During the 2008 presidential campaign, Barack Obama famously said that the U.S. should negotiate with Iran without any preconditions. Obama’s notion of diplomacy with the mullahs was widely ridiculed at the time, including by his then rival for the Democratic nomination, Hillary Clinton. More than three years into the Obama administration, multiple attempts at negotiations with the Iranians over their nuclear program have not led to any progress.
Attempts at negotiations with the Taliban have not gone any better. But Obama administration officials are so desperate to move the talks forward (as part of a planned drawdown in Afghanistan) that they are not only willing to negotiate without any preconditions, they are also willing to make concessions in advance of the hoped-for talks.
As Reuters reports, the Obama administration is willing to transfer the five most dangerous Taliban commanders in U.S. custody to Qatar before the Taliban does anything. The Taliban Five are held at Guantanamo and would be exchanged for Bowe Bergdahl, an American soldier who “is believed to be being held by Taliban militants in northwestern Pakistan.”
Here is how Reuters describes the new proposal:
The revised proposal would send all five Taliban prisoners to Qatar first, said sources who spoke on condition of anonymity. Only then would the Taliban be required to release Sergeant Bowe Bergdahl, the only U.S. prisoner of war.
Previously, U.S. officials had proposed dividing the Taliban prisoners into two groups, and requiring Bergdahl's release as a good-faith gesture to come before the second group of prisoners would be moved out of Guantanamo.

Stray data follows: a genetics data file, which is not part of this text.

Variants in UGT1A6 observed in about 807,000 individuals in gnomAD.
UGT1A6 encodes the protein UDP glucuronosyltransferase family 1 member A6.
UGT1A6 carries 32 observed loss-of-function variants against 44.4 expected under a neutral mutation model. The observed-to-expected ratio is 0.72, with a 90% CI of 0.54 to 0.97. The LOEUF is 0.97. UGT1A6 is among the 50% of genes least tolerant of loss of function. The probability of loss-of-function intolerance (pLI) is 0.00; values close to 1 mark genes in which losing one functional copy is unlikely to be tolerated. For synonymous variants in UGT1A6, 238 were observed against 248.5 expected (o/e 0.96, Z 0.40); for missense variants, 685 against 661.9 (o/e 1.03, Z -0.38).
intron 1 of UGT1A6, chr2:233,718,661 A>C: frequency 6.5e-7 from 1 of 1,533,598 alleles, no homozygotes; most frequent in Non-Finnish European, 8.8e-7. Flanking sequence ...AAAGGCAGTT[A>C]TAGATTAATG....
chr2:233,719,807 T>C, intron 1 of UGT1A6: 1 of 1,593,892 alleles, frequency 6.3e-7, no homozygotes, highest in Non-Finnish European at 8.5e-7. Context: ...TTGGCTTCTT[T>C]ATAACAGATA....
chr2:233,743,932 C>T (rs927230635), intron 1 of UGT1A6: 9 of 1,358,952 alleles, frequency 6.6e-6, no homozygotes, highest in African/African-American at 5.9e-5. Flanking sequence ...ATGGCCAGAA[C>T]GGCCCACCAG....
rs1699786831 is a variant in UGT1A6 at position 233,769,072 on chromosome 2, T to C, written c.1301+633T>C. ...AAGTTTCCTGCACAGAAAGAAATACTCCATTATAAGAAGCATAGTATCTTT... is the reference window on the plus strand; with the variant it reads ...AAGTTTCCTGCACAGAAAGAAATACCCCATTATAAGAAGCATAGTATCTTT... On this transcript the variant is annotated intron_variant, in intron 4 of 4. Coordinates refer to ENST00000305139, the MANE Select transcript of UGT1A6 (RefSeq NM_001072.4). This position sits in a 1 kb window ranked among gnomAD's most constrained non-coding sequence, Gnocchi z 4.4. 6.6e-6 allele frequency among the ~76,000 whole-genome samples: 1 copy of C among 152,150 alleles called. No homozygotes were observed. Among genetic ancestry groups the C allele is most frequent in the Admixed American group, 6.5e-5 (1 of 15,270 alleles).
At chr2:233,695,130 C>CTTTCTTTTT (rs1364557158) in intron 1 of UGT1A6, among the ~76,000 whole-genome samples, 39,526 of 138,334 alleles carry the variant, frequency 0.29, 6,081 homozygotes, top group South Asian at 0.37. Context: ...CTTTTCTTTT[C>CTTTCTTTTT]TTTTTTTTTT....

The Obama administration has been dangling the Taliban Five as a lure to negotiations for a while now, but the Taliban hasn’t taken the bait. So, the administration keeps watering down what it expects the Taliban to do in return.
At first, the Obama administration had outlined several preconditions before the two parties could come to the table. The Taliban was supposed to lay down its arms, respect the Afghan constitution, and disavow al Qaeda. Those preconditions were removed long ago, as the Taliban has sworn to keep fighting, disregarded the Afghan government’s legitimacy, and refused to break with Ayman al Zawahiri’s terror empire. Therefore, as the New York Times has reported, Secretary of State Clinton, who once scoffed at the idea of negotiating without preconditions with Iran, rebranded these preconditions as “necessary outcomes” for talks with the Taliban.
On that last one-time precondition, the Taliban’s relationship with al Qaeda, there is an added twist to this story that is often missed. The Taliban commander who has taken credit for Bowe Bergdahl’s capture is Mullah Sangeen Zadran, who is actually a top military commander in the Haqqani network. In August 2011, Clinton’s State Department added Sangeen to its list of specially designated global terrorists. According to State, Sangeen “helps lead fighters in attacks across Southeastern Afghanistan, and is believed to have planned and coordinated the movement of hundreds of foreign fighters into Afghanistan.” As my colleague Bill Roggio has pointed out, “foreign fighters” includes al Qaeda fighters. There is simply no question that the Haqqani Network is closely allied with al Qaeda.
Moreover, Sangeen has not hidden his loyalty to al Qaeda. During an interview released by al Qaeda’s propaganda wing, As Sahab, Sangeen was asked: “How is your relation [sic] with your brothers in Al-Qaeda and what is the level of cooperation between you?”
Sangeen responded, “All praise is for Allah, Al-Qaeda and Taliban all are Muslims and we are united by the brotherhood of Islam. We do not see any difference between Taliban and Al- Qaeda, for we all belong to the religion of Islam.” The full text of Sangeen’s response to that question can be found here.
You can see why the State Department dropped its preconditions for talks with the Taliban. There is no evidence that Sangeen and his ilk are about to separate from al Qaeda or give up the fight any time soon.
The Obama administration’s attempt at diplomacy with the Taliban has degenerated to such a point that the U.S. is willing to free men suspected of mass murder (two of the Taliban five are wanted by the UN for war crimes), while simply hoping that an al Qaeda-linked Taliban and Haqqani commander will free one American soldier in return.
Thomas Joscelyn is a senior fellow at the Foundation for Defense of Democracies.